When I was teaching the psychology of eating at the weight reduction clinic, weight loss was introduced as a healthy lifestyle change, not a quick fix. This involved evaluating your entire life to see where unhealthy behaviors occur. Some people had foodie friends or family that needed to adapt to healthier ways. So, they became involved in the support part of the program even if they don’t diet themselves.  Our diet program encouraged a mind set for positive adaptability to a new diet, an exercise routine, and social support from friends and family. The team approach proved to be much more successful than going it alone.

My two favorites diets are the Mediterranean and the Okinawa diets because of the longevity qualities–a particular interest of mine.  But, today’s diets are designed for your individual physiological needs. Nutritionalists construct diets to address cancer, cardiovascular illness, diabetes, and even things like anemia.  So, the best diet for you is not whats in vogue today.

Your diet should be based on your ancestry of medical illness passed down, your current physiological needs (i.e., high blood pressure, etc) and your individual health goals for the future. Some people just want to lose weight while others may want to control diabetes or cholesterol. If you’re serious about dieting the healthiest way, then make an appointment with a dietitian or nutritionist and let them recommend a plan based on your personal needs.

Read more: The Psychology of Eating Less blog.creativeretirementforwomen.com/eat-less/

Microwave Update

Some studies claim microwaves leak, ruin your food, and even cause cancer. Many of these studies are old and are not very scientific. So, lets take a look at the latest studies and recommendations.

Microwaves work by emitting electromagnetic radiation. These energy waves cause water molecules to rotate rapidly which creates heat that cooks your food.  This low level of energy is not strong enough to cause ionization which would break down your food.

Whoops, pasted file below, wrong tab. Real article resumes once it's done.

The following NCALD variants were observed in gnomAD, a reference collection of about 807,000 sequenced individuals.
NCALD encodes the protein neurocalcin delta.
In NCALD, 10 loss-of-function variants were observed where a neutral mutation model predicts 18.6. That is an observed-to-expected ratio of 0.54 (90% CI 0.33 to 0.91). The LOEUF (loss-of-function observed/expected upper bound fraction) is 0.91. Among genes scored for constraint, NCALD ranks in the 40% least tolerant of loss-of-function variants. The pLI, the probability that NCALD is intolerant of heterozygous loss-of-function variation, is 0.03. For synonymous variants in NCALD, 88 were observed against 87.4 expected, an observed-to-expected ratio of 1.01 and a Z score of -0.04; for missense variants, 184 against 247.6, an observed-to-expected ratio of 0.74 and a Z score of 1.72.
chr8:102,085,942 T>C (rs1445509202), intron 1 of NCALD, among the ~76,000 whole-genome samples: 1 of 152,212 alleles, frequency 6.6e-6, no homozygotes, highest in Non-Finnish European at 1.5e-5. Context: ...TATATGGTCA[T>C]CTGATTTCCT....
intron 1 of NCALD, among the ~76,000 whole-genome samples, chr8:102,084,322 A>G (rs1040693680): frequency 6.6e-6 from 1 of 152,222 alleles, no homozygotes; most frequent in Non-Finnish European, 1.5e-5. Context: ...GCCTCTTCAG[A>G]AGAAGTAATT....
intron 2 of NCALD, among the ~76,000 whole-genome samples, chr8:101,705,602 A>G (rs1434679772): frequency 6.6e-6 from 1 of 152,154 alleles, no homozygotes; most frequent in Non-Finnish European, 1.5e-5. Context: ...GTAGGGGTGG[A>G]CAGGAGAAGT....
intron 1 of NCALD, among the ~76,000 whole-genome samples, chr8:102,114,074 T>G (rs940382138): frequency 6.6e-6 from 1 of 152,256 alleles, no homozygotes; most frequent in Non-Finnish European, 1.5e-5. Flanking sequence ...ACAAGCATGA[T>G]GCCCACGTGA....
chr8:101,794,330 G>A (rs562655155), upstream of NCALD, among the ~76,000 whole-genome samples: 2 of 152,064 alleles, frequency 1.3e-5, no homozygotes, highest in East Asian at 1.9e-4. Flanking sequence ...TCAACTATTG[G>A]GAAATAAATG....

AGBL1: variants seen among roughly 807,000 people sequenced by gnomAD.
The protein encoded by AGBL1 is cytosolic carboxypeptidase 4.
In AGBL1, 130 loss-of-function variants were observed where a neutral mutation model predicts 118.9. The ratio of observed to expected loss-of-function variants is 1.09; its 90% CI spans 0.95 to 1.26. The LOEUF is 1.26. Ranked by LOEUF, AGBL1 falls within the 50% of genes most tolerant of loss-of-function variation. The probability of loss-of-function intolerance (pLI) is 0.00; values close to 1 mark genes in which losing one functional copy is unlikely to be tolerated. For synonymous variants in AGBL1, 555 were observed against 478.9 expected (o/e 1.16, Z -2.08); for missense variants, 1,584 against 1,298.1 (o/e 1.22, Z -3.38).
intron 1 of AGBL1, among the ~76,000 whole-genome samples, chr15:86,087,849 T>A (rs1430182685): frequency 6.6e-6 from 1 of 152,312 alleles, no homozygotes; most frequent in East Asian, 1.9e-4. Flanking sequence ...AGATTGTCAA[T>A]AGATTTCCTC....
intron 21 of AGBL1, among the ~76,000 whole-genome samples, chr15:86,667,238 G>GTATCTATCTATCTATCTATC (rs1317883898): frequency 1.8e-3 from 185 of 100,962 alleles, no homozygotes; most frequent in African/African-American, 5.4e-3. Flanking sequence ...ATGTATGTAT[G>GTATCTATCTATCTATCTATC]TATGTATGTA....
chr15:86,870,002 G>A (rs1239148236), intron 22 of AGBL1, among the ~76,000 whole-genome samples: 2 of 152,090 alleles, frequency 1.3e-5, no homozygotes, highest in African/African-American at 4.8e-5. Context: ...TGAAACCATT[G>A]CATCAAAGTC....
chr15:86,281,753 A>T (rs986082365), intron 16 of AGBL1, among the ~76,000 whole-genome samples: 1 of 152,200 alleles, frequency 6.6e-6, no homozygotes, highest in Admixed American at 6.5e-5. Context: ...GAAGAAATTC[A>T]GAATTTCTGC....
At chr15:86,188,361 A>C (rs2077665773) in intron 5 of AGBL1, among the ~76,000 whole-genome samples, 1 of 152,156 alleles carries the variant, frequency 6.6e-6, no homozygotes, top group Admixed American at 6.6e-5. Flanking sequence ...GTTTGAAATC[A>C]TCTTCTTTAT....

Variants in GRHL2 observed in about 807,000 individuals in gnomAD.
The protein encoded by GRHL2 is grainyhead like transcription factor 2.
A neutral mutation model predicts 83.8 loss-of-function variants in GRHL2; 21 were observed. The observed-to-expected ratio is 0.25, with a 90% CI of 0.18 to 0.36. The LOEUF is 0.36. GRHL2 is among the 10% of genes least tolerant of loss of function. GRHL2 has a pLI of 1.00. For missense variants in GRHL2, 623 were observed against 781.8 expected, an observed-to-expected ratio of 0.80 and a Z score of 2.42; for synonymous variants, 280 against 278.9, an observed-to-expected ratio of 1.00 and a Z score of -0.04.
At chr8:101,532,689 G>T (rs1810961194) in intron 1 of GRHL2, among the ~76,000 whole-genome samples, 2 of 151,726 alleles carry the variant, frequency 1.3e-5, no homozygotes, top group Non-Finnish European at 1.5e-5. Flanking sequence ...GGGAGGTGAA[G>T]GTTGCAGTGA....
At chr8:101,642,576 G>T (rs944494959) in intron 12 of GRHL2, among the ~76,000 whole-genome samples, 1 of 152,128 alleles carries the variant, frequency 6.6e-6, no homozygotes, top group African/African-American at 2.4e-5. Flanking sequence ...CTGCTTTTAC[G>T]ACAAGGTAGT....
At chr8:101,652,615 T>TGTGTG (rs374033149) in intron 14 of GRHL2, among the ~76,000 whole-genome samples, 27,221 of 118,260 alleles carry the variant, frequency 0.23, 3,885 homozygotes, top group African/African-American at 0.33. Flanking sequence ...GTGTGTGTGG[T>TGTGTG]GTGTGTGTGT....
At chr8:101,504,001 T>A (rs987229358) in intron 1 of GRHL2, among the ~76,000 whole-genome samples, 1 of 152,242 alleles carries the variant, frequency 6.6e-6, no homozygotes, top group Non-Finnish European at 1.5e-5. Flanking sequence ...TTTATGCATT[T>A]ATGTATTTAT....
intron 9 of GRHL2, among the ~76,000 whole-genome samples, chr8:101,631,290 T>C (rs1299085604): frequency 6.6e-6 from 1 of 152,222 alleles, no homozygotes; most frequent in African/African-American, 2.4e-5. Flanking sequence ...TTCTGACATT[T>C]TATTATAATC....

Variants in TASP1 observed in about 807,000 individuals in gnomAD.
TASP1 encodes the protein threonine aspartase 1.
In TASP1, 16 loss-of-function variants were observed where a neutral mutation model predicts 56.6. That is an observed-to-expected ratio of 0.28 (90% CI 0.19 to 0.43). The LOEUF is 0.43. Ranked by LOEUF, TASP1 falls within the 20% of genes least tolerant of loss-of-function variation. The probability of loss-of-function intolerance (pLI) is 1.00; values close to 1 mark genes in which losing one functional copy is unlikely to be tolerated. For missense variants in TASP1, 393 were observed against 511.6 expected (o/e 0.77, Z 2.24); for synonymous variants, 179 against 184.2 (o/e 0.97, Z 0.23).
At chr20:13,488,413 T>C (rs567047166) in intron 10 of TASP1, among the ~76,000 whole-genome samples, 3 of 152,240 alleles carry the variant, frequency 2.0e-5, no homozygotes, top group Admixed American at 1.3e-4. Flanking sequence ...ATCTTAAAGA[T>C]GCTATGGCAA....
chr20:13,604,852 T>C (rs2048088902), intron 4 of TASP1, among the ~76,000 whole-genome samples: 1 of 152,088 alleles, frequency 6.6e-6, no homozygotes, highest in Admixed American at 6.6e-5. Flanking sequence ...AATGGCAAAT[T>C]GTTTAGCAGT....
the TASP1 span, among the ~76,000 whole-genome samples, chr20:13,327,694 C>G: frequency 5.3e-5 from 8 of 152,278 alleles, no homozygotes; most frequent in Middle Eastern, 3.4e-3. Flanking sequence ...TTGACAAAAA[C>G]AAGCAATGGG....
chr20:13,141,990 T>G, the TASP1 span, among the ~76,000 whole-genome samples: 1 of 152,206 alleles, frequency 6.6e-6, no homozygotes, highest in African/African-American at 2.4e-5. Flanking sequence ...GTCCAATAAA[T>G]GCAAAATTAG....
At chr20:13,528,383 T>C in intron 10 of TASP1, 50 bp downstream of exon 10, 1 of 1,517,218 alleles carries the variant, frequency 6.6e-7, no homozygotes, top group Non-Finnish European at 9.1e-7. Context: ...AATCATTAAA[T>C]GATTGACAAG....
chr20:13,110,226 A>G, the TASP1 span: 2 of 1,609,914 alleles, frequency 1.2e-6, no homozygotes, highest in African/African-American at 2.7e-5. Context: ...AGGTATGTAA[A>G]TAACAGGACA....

LEAKAGE The Federal Drug Administration has requirements that limit the amount of leakage. This limits radiation to about two inches from the machine itself. This radiation also dissipates fast. So, as you move further away from the microwave, the waves rapidly diminish.  Just stand more than two inches away and it has less effect on you than your cell phone.

EFFECT ON PROTEINS Some old thought is that microwaving will break down proteins in food and make them toxic. However, new studies(1)show that, “all of the amino acids in the protein are still bonded together.” The nutritional value is not compromised. They concluded that if breakdown does occur, it is more likely from overheating. Cooking food at high temperatures or for too long will reduce the nutrients in that food and produce cancer causing agents. Barbecuing,  for example, is one of the worst ways to cook. Please see my other blog post on how Over-Cooking Causes Cancer http://blog.creativeretirementforwomen.com/over-cooking-causes-cancer/.

EFFECT ON NUTRIENTS  I’m referring to minerals, vitamins, and antioxidants. The general rule here is that nutrients are always lost when cooking. More are lost when the temperature is higher or when the food is cooked longer. The microwave results are that nutrient retention was actually higher in some foods and lower in others. It depended on how hot and long its cooked and if its in water. Food microwaved in water tends to lose nutrients into that water.

IN CONCLUSION The study finds, “There’s no evidence that microwaves adversely affect the nutrient profile of foods.(1)” The protein also stays intact and the leakage from the machine requires only a two inch buffer. Some have even claimed that  cancer is caused by microwaves, however, I couldn’t find any studies to support this. I generally use my microwave to reheat drinks or food for short time periods. I’ve never used it to cook an entree outside of TV dinners when I was in college many years ago. So, unless you are using pressing your face against the microwave while its cooking, you are just fine.

L. Johnson of www.creativeretirementforwomen.com

(1)Kresser, C., 4-7-2015, “Are Microwave Ovens Safe?” from chriskresser.com/are-microwave-ovens-safe/